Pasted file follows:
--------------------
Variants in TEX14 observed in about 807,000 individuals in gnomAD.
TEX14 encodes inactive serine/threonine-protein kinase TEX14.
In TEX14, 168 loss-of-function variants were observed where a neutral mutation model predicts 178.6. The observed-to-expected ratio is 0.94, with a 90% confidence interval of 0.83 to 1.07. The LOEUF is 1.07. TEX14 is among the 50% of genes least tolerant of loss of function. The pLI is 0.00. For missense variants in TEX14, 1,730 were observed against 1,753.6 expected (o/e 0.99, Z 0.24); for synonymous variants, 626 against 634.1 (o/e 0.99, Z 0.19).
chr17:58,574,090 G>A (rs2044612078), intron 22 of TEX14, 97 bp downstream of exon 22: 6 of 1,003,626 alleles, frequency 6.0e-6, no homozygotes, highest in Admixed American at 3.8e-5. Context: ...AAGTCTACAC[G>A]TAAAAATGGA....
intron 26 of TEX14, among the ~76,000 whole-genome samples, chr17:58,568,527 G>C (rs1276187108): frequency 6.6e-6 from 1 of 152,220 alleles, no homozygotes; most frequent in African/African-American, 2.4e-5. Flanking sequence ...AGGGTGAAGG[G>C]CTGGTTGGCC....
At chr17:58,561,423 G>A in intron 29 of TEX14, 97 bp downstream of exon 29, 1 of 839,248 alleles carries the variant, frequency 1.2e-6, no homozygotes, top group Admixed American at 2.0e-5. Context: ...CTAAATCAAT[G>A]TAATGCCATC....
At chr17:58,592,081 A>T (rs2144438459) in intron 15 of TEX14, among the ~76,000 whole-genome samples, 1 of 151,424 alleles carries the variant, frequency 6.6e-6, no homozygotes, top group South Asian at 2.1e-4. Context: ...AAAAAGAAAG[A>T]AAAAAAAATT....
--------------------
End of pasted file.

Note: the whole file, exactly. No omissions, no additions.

Variants in TEX14 observed in about 807,000 individuals in gnomAD.
TEX14 encodes inactive serine/threonine-protein kinase TEX14.
In TEX14, 168 loss-of-function variants were observed where a neutral mutation model predicts 178.6. The observed-to-expected ratio is 0.94, with a 90% confidence interval of 0.83 to 1.07. The LOEUF is 1.07. TEX14 is among the 50% of genes least tolerant of loss of function. The pLI is 0.00. For missense variants in TEX14, 1,730 were observed against 1,753.6 expected (o/e 0.99, Z 0.24); for synonymous variants, 626 against 634.1 (o/e 0.99, Z 0.19).
chr17:58,574,090 G>A (rs2044612078), intron 22 of TEX14, 97 bp downstream of exon 22: 6 of 1,003,626 alleles, frequency 6.0e-6, no homozygotes, highest in Admixed American at 3.8e-5. Context: ...AAGTCTACAC[G>A]TAAAAATGGA....
intron 26 of TEX14, among the ~76,000 whole-genome samples, chr17:58,568,527 G>C (rs1276187108): frequency 6.6e-6 from 1 of 152,220 alleles, no homozygotes; most frequent in African/African-American, 2.4e-5. Flanking sequence ...AGGGTGAAGG[G>C]CTGGTTGGCC....
At chr17:58,561,423 G>A in intron 29 of TEX14, 97 bp downstream of exon 29, 1 of 839,248 alleles carries the variant, frequency 1.2e-6, no homozygotes, top group Admixed American at 2.0e-5. Context: ...CTAAATCAAT[G>A]TAATGCCATC....
At chr17:58,592,081 A>T (rs2144438459) in intron 15 of TEX14, among the ~76,000 whole-genome samples, 1 of 151,424 alleles carries the variant, frequency 6.6e-6, no homozygotes, top group South Asian at 2.1e-4. Context: ...AAAAAGAAAG[A>T]AAAAAAAATT....